New Mexico’s relentless drought is stressing forests, making them more vulnerable to a widespread pest infestation that could cause a mass tree die-off if wetter weather doesn’t come, a newly released state report says.
The 2020 state report on New Mexico’s forest health looked at how extensively pests killed and damaged trees on national, state and tribal woodlands.
Drought conditions have worsened, encompassing half the state at the beginning of 2020 and then growing until every area of New Mexico was deemed in some level of drought by the year’s end, the report said.
“Drought and warming temperatures have been linked to amplified tree death,” the report said. “Consequently, if these conditions remain similar in 2021 then tree death may increase in direct response to drought and warming or indirectly by being more attractive and susceptible to bark beetle attack.”
Dehydrated trees can’t maintain healthy canopies nor can they produce the sap needed to repel pests — a double whammy.
Aerial surveys found beetles last year had killed trees on 60,000 acres and damaged trees on several hundred thousand acres, the report said. It noted that not every tree on every acre was affected.
This could be a mild foreshadowing of what’s to come if the drought doesn’t let up, experts say.
“The beetles have probably emerged in the last month, so as they start attacking trees, we’ll be seeing a lot more in the coming months,” said John Formby, a state Forestry Division entomologist who helped write the report.
Researchers say last year’s drought, which caused by an exceptionally light snowpack and monsoon, could become more the norm as climate change creates warmer, drier weather throughout the Southwest.
The state has been in a mostly dry period since the late 1990s. This winter is one of the driest in recent memory, compounded by La Niña, an ocean cooling event that reduces evaporation and results in even more arid conditions in the Southwest.
The piñon pine, New Mexico’s official state tree, is especially vulnerable.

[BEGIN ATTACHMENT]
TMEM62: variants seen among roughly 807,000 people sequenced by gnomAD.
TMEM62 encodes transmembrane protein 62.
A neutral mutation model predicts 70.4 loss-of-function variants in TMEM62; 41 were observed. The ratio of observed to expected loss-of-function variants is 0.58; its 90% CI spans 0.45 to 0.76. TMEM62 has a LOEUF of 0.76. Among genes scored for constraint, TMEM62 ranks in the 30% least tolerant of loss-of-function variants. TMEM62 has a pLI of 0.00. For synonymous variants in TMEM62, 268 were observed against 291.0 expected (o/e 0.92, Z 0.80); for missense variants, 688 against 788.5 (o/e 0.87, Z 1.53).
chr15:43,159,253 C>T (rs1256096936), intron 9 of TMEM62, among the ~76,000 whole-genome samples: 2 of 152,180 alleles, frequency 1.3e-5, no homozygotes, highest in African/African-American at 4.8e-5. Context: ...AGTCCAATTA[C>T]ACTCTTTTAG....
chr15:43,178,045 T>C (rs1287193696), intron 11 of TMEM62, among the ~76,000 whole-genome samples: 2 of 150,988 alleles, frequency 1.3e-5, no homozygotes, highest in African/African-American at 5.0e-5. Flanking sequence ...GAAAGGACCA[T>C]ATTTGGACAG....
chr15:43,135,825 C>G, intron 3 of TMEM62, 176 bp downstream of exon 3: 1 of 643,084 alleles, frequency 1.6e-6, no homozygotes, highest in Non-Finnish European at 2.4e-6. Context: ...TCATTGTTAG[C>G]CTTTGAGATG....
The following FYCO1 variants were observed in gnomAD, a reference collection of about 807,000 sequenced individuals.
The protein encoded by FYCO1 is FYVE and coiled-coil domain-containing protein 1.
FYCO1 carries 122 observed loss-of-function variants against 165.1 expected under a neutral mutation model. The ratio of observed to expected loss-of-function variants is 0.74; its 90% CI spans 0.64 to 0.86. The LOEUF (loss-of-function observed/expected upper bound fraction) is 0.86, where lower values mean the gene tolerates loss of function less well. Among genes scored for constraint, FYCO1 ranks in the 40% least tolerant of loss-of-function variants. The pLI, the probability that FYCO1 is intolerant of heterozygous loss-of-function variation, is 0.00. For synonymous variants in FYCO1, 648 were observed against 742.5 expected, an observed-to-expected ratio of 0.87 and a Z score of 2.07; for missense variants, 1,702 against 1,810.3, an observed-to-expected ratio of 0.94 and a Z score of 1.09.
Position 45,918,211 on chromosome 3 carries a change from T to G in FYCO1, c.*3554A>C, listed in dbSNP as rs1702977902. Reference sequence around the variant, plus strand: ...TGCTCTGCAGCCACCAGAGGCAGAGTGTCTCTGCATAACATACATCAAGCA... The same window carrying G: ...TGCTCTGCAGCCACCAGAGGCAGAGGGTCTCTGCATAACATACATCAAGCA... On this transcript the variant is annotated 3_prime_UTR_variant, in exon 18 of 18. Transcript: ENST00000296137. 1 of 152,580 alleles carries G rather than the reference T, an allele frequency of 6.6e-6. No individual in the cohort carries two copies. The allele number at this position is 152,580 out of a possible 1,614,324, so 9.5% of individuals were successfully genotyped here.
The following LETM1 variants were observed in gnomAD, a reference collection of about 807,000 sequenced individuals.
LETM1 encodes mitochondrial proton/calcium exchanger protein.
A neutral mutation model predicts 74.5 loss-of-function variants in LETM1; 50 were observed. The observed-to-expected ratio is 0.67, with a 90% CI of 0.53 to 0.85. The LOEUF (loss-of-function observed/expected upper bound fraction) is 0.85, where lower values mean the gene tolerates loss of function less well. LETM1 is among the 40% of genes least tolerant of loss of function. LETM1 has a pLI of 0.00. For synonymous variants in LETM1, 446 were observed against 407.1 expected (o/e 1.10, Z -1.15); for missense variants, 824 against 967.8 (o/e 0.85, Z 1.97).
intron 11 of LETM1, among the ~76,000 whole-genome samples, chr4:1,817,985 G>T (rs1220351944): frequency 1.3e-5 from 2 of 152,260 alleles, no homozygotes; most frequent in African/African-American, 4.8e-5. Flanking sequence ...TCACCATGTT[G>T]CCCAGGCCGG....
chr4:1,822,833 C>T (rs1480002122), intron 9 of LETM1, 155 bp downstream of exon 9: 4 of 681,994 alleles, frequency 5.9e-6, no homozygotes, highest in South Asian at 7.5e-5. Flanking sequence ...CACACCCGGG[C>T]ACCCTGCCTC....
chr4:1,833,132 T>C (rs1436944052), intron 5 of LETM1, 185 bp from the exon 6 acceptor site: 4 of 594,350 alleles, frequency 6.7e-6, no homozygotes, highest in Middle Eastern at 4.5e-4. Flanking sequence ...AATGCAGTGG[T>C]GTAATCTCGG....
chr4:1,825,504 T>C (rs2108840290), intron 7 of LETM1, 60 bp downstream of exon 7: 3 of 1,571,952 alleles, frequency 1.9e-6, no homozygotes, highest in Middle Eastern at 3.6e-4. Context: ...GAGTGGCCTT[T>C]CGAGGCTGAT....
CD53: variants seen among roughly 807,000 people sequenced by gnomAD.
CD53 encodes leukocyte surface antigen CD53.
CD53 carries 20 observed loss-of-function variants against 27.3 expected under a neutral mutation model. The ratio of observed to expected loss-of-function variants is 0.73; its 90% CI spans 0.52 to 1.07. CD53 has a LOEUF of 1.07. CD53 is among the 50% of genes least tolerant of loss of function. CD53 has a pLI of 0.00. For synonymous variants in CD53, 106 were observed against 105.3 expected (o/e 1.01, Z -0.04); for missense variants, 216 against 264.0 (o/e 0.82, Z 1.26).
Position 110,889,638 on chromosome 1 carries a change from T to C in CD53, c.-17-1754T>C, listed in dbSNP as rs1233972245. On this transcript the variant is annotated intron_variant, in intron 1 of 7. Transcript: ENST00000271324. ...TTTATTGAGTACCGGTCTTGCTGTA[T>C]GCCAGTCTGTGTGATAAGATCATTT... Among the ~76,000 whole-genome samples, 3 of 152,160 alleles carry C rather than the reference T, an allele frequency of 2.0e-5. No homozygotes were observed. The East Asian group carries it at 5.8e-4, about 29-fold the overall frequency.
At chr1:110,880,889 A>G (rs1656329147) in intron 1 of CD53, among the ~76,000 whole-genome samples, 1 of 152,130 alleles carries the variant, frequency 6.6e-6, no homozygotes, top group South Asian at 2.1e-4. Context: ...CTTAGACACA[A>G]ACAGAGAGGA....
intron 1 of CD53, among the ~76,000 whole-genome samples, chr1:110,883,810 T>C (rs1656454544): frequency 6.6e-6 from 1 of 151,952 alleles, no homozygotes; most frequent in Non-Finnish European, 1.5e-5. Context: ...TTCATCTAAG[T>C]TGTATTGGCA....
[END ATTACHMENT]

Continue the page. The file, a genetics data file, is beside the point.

An estimated 350 million piñons died statewide in the early 2000s and millions more died a decade later when harsh drought conditions led to severe beetle infestations.
Formby said he is seeing reports of dying piñons.
“Nothing major,” he said, “but definitely some more piñon mortality creeping in.”
At the same time, large expanses of Ponderosa pines have yellowed, a clear sign of drought stress that is lowering the trees’ defenses, Formby said.
Researchers will know more after this year’s aerial surveys are conducted in the summer, he said.
The spruce beetle has been the most devastating recently, leaving dead trees scattered across more than 31,000 acres, the report said. Again, only some trees were killed on each acre.
The report also estimates invasive beetles:
- Killed ponderosa pines on about 12,000 acres.
- Killed mixed conifers on about 13,000 acres.
- Killed piñons on several thousand acres.
Formby said he was “pretty darned concerned” about the overall trends of piñon and ponderosa pines. Those trees grow mainly on state and private land, which make them his agency’s responsibility, he said.
A lot of bark beetles were found east of Santa Fe, and they expand from there, he said.
“Our prediction for this year is that we will likely see an uptick in the amount of bark beetles — probably most apparent in the piñon woodlands,” said Andrew Graves, head entomologist for the U.S. Forest Service in New Mexico.
The agency doesn’t try to combat pests with insecticides because it’s too expensive and impractical, Graves said.
It costs $200 to $500 per tree, and must be done as a preventive measure, Graves added, because once a beetle infests a tree, it’s too late.
“It’s just too many trees to spray … before the bark beetles come out,” Graves said.
Both Graves and Formby say the piñons that survive the last two die-offs might be hardier stock that can better withstand the harsh conditions brought on by climate change.
But Graves said he has doubts that a tree could evolve that quickly.
Graves cautioned people who collect firewood from national forests to make sure it’s not from freshly felled trees that might be infested with beetles. They could end up spreading the insects to the trees in their yards, he said.
Choose wood from trees that look older and drier, he advised, noting beetles will abandon a tree a couple of months after it dies.
Graves said although the forecast seems bleak, he still holds hope for a decent rainy season.
“A few good rains could really help,” Graves said.